Search for tag "Painting"
|1976 24 Apr
||The passing of Mark George Tobey (b. December 11, 1890 Centerville, Wisconsin – d. April 24, 1976 Basel, Switzerland) [Bahá'í News page 341, Wiki, VV119]
He had been introduced to the Faith by Bernard Leach. [OPOP223]
Another version is that In 1918 Mark Tobey came in contact with Juliet Thompson and posed for her. During the session Tobey read some Bahá'í literature and accepted an invitation to Green Acre where he converted. [Seitz, William Chapin (1980). Mark Tobey. Ayer Publishing. p. 44]
Tobey was one of the twentieth century’s most cosmopolitan of artists. An inveterate traveler—he eventually settled in Basel, Switzerland—he was always better known in Europe than in his homeland.
His mature ‘white writing’ works are made up of pulsing webs of lines inspired by oriental calligraphy, explicitly acknowledged the direct influence of the Bahá'í Faith on his painting. It has been said that Tobey “made line the symbol of spiritual illumination, human communication and migration, natural form and process, and movement between levels of consciousness.” He often stated, “that there can be no break between nature, art, science, religion, and personal life".
See Bahá'í World 1994-95 pg248 for an article by Anne Boyles entitled "The Language of the Heart: Arts in the Bahá'í World Community" for mention of Mark Tobey.
For his obituary see BW17:401–4.
Towards the end of his life, Tobey was the recipient of some of the highest distinctions that the European art scene of his time could bestow. He won the gold medal at the Venice Biennale in 1958—the first American painter to do so since 1895. In 1961, a major retrospective of his work was held at the Louvre in Paris, an unprecedented achievement for a living and American artist.
See The Journal of Bahá'í Studies, Volume 26, number 4 – Winter 2016 p94 for an article by Anne Gordon Perry entitled Anne Gould Hauberg and Mark Tobey: Lives Lived for Art, Cultivated by Spirit.
An exhibition, Mark Tobey: Threading Light showed at the Peggy Guggenheim Collection, Venice, 6 May to 10 September 2017 and at the Addison Gallery of American Art, Phillips Academy, Andover, Massachusetts, 4 November 2017–11 March 2018.
An example of some of his works.
See World Order Vol 11 No 3 Spring 1977 for the following articles:
- The Days with Mark Tobey by Marzieh Gail
- Mark, Dear Mark by Bernard Leach
- Memories of Mark Tobey by Firuz Kazemzahed
- The Dot and the Circle by Mark Tobey
|Centerville; Wisconsin; United States; Basel; Switzerland
||In Memoriam; Mark Tobey; Bernard Leach; Anne Gould Hauberg; Arts; Painting
from the main catalogue
See all tags, sorted numerically or alphabetically.
- Bahá'u'lláh's Influence on the New York School of Painting: The "Unapprehended Inspiration" of Newman and Rothko, by Ross Woodman, in Journal of Bahá'í Studies, 4:1 (1991). The paintings of New Yorkers Barnett Newman and Mark Rothko may best be understood as a powerful first evidence of what Bahá’u’lláh called “the rising Orb of Divine Revelation, from behind the veil of concealment.” [about]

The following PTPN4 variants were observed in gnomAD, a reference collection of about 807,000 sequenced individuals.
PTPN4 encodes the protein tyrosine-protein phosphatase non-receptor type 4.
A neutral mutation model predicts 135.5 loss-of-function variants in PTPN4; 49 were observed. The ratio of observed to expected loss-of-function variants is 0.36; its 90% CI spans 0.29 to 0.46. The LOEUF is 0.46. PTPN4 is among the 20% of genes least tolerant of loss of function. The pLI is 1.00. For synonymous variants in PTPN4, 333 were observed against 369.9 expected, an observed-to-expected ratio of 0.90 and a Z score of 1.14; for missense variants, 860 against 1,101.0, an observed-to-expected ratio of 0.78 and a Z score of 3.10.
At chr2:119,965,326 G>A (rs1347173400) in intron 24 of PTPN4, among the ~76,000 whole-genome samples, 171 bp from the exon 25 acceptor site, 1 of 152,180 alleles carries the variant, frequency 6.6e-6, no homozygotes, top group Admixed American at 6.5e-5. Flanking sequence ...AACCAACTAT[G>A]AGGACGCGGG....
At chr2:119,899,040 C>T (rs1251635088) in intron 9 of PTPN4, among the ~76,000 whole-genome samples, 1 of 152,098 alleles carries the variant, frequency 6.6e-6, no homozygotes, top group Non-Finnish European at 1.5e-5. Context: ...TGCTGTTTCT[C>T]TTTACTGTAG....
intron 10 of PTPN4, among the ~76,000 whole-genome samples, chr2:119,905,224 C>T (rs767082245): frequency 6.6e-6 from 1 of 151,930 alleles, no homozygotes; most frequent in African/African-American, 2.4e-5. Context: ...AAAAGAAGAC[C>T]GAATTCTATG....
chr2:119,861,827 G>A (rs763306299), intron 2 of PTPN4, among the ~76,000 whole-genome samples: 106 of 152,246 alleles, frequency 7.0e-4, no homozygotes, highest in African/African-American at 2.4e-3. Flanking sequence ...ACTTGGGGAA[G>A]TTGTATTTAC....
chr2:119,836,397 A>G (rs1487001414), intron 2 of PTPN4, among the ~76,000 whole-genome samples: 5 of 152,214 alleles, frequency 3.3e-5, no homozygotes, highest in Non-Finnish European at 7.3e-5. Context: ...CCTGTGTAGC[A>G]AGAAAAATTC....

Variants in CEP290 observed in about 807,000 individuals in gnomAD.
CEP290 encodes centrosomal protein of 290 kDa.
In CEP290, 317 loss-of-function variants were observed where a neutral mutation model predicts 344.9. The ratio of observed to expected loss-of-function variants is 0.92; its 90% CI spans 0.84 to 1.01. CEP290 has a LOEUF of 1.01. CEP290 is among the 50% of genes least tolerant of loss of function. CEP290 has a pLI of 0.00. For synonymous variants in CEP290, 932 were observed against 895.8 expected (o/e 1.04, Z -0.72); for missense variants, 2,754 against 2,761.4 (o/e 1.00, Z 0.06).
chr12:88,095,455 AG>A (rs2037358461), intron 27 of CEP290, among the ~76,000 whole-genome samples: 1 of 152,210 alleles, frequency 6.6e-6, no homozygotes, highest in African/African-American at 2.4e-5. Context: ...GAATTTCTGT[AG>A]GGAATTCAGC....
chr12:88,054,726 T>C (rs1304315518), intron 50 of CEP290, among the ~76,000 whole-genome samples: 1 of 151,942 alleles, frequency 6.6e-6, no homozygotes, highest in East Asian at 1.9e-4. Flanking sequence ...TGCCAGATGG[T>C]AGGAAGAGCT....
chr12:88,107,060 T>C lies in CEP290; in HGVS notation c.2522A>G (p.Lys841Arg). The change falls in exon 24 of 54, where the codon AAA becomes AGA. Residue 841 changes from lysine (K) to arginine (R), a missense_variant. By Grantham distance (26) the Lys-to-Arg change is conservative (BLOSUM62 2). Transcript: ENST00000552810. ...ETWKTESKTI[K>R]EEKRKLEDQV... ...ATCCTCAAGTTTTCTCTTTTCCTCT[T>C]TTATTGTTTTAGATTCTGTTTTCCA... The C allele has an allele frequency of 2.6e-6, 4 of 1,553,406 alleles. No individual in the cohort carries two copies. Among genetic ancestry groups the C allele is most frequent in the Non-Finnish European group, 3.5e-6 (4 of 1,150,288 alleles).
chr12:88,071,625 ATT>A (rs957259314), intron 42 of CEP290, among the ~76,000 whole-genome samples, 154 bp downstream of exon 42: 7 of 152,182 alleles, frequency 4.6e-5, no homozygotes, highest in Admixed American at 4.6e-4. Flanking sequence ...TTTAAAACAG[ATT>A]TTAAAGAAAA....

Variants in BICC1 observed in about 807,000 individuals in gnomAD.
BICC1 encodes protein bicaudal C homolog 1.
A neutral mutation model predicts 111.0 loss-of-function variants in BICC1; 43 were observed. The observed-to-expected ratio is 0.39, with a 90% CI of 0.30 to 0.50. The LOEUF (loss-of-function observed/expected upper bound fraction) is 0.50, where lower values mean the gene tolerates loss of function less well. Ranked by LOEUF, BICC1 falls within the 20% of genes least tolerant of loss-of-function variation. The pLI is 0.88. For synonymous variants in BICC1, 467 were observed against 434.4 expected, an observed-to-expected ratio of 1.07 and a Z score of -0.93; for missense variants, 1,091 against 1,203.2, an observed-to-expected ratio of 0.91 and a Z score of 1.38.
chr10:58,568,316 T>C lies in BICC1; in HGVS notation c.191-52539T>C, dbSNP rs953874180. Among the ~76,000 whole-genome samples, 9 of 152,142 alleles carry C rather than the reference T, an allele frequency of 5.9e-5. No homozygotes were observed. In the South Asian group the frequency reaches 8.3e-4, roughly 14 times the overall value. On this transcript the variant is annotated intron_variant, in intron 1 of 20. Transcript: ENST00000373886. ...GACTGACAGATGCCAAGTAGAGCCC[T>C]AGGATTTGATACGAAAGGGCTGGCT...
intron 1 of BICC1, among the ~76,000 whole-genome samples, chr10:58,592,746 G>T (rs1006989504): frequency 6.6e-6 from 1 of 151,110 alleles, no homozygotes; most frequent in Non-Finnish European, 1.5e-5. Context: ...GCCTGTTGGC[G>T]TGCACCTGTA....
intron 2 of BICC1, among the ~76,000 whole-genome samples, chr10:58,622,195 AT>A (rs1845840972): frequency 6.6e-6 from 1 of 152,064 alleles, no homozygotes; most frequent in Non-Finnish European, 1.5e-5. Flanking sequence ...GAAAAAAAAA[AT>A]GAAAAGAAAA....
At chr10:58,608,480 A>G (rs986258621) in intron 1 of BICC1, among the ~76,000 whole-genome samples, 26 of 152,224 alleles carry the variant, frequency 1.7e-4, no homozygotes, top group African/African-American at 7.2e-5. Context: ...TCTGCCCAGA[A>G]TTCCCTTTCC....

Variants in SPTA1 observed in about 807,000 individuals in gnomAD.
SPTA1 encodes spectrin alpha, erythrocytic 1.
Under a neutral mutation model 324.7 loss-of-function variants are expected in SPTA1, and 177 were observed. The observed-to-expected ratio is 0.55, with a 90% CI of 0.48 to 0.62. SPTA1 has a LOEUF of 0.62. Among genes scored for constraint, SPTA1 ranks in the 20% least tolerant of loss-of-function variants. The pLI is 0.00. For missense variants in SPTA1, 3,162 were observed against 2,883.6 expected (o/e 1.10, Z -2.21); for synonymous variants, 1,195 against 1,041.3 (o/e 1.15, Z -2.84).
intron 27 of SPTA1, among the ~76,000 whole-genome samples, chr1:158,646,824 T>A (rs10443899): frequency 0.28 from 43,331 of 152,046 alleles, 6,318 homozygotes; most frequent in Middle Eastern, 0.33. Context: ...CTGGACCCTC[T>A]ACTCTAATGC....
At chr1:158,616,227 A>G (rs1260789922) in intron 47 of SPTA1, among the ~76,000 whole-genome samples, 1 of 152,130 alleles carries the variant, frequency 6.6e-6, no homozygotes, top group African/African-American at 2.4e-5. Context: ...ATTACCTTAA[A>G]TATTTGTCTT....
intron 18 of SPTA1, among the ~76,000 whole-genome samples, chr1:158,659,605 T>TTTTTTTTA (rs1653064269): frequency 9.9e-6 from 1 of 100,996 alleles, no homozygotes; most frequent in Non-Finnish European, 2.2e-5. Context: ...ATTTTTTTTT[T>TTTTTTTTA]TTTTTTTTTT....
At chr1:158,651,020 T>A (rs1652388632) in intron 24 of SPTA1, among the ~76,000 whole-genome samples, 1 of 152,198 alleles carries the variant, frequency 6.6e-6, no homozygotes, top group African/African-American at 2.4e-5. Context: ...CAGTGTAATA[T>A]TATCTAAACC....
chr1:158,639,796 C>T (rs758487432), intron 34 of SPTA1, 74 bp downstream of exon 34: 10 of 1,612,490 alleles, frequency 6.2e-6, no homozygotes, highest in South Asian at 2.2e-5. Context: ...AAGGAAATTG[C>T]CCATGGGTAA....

- Creative Act and the Spirit, The, by Bonnie Wilder, in The Creative Circle, ed. Michael Fitzgerald (1989). Essay on the connections between art and the Bahá'í teachings, from the perspective of personal artistic experience. (First 90% of article only, pages 17-34.) [about]
- Cultural Diversity in the Age of Maturity, by Bahá'u'lláh and Abdu'l-Bahá, in Compilation of Compilations, Volume 3 (2000). [about]
- Images of a 'New Creation' in Twentieth-Century Art, Some, by Julie Badiee, in Journal of Bahá'í Studies, 7:1 (1995). A look at the works of some 20th-century artists to show that, whether they were aware of the Baha’i revelation or not, many of these artists have been compelled to express the quiet, yet unmistakable theme of a "new creation." [about]
- Juliet Thompson: Champion of the Baha'i Faith in New York City, by Hussein Ahdieh (2021-05-06). Essay about the life of Juliet Thompson, a prominent early Bahá'í and friend of 'Abdu'l-Bahá. [about]
- Mark Tobey's City Paintings: Meditations on an Age of Transition, by Julie Badiee, in Journal of Bahá'í Studies, 1:4 (1989). On the evolutionary character of Tobey's "City Paintings" during the decades of the 1930s-50s: they may be understood as modern reinterpretations of the traditional themes of the Apocalypse, Hell, the Day of Judgment, and New Jerusalem — the Bahá'í age. [about]
- Nudity in Art, by Universal House of Justice (2008-07-30). There is no objection to artists depicting the human body from nude models, nor to Bahà’is acting as models; the main consideration is the intention of the artist. [about]
- Numinous Land, The: Examples of sacred geometry and geopiety in formalist and landscape paintings of the prairies, by Kim Ennis (2012-04). Includes many references to the Bahá'í Faith and its influence on contemporary artists. Link to thesis (offsite). [about]
- Perfection and Refinement: Towards an Aesthetics of the Bab, by Moojan Momen, in Lights of Irfan, 12 (2011). The writings of the Bab have implications for the "plastic" arts; significance for native traditions; relevance to the performing arts; and the concept of refinement which comes across in both the person and the writings of the Báb. [about]
- Picture Gallery of Early British Bahá'ís (1998). Published in honor of the UK Bahá'í Centenary, 1998/99. [about]
- Tobey, Mark George, by Judith S. Kays, in American National Biography Online (2000). Tobey (1890-1976) was a famous American painter. [about]
- Views from a Black Artist in the Century of Light, by Elizabeth de Souza, in Journal of Bahá'í Studies, 30:3 (2020). On the experiences of Black artists; biographical notes on McCleary “Bunch” Washington; African-American spiritual songs. [about]
See all locations, sorted numerically or alphabetically.